A Six-Inch IPS Display
The Huawei Ascend Mate 7 comes with a 6.0-inch TFT IPS LCD display with a resolution of 1920 x 1080, equating to a pixel density of 367 PPI. While today's top-end displays are packing QHD resolutions, such as the AMOLED found on the Note 4, there is nothing wrong with the 1080p display on the Mate 7, especially as it comes with a lower performance and battery life cost.
Not going with a QHD display does mean that you don't get that superb, higher level of crispness that's noticeable especially when viewing text. However packing 367 PPI is more than enough pixel density for excellent sharpness in most situations, and you'll certainly find it hard to spot individual pixels. The RGB stripe subpixel matrix and general strengths of IPS technology also improve clarity, making text a breeze to read.
But it’s not just the resolution that makes things like reading text so excellent on the Ascend Mate 7: it’s the display size as well. Having six inches of real estate is perfect for reading books in a pocket-sized form factor, or playing games with great visibility and large on-screen controls, or watching movies without having to squint. These are just some of the reasons to get a larger display, and it can be great so long as you can deal with the larger handset.
Unfortunately some apps don’t always make great use of the display size, so you end up with larger content and larger text rather than more photos or more paragraphs on the screen. On Android this isn’t as much of an issue as it is with Windows Phone and iOS, as large screens have been around for longer, though it can still be a bit annoying.
I was mostly impressed with the quality of the Huawei Ascend Mate 7’s display. It’s not as bright as the Xperia Z3’s IPS display at maximum brightness, or as vibrant as the Galaxy Note 4, but its representation of colors looks excellent in most situations. I wouldn’t call it the most accurate display going around, due to a slight tint towards the green end of the spectrum, though it’s certainly not the worst either.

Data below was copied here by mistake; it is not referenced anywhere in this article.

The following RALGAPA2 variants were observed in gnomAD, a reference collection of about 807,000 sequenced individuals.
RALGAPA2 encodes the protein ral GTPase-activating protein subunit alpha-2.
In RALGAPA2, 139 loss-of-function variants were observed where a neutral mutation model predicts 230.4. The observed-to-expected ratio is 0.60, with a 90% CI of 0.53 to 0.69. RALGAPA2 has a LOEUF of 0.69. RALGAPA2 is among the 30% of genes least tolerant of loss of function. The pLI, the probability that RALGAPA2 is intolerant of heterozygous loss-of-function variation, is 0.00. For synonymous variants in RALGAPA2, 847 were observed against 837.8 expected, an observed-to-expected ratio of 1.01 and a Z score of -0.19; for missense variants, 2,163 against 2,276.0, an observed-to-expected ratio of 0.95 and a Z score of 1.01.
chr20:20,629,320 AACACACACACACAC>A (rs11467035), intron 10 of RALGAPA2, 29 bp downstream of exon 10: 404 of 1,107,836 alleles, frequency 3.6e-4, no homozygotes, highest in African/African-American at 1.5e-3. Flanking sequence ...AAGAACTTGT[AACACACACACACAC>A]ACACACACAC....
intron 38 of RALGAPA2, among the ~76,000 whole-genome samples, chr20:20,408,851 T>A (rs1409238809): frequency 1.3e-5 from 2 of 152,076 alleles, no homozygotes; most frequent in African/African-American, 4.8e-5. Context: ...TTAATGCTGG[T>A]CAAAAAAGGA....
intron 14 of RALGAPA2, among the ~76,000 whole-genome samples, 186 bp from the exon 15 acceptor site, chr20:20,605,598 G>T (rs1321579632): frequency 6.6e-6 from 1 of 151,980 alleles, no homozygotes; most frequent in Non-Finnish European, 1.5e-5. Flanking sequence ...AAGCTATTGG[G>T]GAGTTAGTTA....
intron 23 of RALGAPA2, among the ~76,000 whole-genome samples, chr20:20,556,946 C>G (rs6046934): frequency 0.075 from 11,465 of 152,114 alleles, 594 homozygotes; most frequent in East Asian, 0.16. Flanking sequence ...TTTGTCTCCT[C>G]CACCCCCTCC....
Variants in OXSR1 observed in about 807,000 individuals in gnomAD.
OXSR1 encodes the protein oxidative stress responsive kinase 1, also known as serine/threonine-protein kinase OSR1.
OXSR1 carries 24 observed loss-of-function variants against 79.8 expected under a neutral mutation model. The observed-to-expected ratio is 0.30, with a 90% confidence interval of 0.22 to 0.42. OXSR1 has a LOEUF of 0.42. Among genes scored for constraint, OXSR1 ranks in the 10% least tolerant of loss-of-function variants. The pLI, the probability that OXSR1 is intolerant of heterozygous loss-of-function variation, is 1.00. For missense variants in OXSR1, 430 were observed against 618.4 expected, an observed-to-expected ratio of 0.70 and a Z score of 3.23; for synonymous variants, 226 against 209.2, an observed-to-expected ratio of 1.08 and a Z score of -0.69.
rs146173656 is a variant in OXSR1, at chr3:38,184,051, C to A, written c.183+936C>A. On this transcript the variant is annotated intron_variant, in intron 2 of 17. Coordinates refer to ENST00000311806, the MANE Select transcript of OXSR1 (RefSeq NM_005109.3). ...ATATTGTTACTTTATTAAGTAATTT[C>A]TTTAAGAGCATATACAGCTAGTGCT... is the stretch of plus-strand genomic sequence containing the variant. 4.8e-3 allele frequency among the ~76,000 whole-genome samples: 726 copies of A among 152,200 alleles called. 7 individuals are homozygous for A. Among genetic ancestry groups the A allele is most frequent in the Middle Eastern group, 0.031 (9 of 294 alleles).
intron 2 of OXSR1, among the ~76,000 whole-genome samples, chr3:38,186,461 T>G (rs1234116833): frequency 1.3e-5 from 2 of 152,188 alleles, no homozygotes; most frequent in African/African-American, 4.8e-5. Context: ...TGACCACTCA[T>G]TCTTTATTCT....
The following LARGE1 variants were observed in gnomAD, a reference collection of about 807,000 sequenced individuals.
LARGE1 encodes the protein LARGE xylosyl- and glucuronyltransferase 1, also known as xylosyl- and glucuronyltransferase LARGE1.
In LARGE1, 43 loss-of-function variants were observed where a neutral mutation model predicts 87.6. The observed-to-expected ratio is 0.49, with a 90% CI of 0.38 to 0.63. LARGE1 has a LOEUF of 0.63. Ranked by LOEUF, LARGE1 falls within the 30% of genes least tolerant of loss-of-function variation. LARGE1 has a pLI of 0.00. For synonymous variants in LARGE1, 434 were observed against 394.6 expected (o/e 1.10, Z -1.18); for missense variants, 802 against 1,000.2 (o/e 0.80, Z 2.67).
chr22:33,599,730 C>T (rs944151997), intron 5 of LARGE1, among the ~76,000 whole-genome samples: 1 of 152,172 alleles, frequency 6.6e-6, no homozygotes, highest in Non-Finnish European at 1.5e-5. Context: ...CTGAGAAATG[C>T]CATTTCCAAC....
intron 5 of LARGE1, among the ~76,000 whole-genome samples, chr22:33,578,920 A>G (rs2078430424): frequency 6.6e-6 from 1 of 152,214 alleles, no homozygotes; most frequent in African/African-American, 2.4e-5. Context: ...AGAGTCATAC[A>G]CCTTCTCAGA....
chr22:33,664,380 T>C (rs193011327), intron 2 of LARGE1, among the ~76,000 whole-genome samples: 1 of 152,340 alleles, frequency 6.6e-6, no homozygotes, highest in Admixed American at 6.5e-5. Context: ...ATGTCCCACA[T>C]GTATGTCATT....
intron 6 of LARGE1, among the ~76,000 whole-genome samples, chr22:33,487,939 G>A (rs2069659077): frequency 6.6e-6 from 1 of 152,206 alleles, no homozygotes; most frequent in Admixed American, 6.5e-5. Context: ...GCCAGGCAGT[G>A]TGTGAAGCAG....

Brightness I found to be generally good enough on the Ascend Mate 7, and automatic brightness is excellent at choosing an acceptable luminance. In direct sunlight there can be a fair bit of reflected light that will reduce readability, especially if there are fingerprints on the display. However there’s no need for an AMOLED-style brightness boost, as the backlight can provide even and generally bright enough light.
Contrast is excellent from the Ascend Mate 7’s display, delivering deeper blacks than I’ve seen on most other LCD panels. Viewing angles are also great, mostly due to the slim layer of protective glass and the strengths of IPS technology. White levels are also very good, approaching the ideal 6500K white temperature from the cool side.
It’s possible to adjust the temperature of the display in the software settings, though I tended not to mess with it too much as the default level is fine. This is the only aspect of the display you can adjust in software, and there’s a high sensitivity touchscreen mode hidden under smart assistance settings. That said, the touchscreen performance from the Mate 7’s digitizer is perfectly acceptable in the regular mode.